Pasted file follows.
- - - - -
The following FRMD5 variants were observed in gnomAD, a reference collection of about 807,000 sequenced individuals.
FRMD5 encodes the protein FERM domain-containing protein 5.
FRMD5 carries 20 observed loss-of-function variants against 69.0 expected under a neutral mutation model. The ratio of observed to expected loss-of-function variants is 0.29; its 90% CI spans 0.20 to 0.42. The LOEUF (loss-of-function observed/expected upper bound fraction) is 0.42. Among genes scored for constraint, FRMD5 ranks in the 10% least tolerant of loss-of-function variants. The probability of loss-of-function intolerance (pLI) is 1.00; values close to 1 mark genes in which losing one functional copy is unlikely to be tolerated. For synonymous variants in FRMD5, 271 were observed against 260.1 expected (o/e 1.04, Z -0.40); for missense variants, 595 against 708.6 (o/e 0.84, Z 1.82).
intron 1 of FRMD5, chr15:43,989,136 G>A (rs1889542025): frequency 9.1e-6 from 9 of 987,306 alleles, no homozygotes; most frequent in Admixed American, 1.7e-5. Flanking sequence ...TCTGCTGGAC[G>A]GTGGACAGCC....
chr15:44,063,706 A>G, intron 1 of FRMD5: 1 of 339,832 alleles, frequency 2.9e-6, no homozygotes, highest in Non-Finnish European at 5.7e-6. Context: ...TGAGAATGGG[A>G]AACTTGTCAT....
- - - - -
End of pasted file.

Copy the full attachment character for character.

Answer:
The following FRMD5 variants were observed in gnomAD, a reference collection of about 807,000 sequenced individuals.
FRMD5 encodes the protein FERM domain-containing protein 5.
FRMD5 carries 20 observed loss-of-function variants against 69.0 expected under a neutral mutation model. The ratio of observed to expected loss-of-function variants is 0.29; its 90% CI spans 0.20 to 0.42. The LOEUF (loss-of-function observed/expected upper bound fraction) is 0.42. Among genes scored for constraint, FRMD5 ranks in the 10% least tolerant of loss-of-function variants. The probability of loss-of-function intolerance (pLI) is 1.00; values close to 1 mark genes in which losing one functional copy is unlikely to be tolerated. For synonymous variants in FRMD5, 271 were observed against 260.1 expected (o/e 1.04, Z -0.40); for missense variants, 595 against 708.6 (o/e 0.84, Z 1.82).
intron 1 of FRMD5, chr15:43,989,136 G>A (rs1889542025): frequency 9.1e-6 from 9 of 987,306 alleles, no homozygotes; most frequent in Admixed American, 1.7e-5. Flanking sequence ...TCTGCTGGAC[G>A]GTGGACAGCC....
chr15:44,063,706 A>G, intron 1 of FRMD5: 1 of 339,832 alleles, frequency 2.9e-6, no homozygotes, highest in Non-Finnish European at 5.7e-6. Context: ...TGAGAATGGG[A>G]AACTTGTCAT....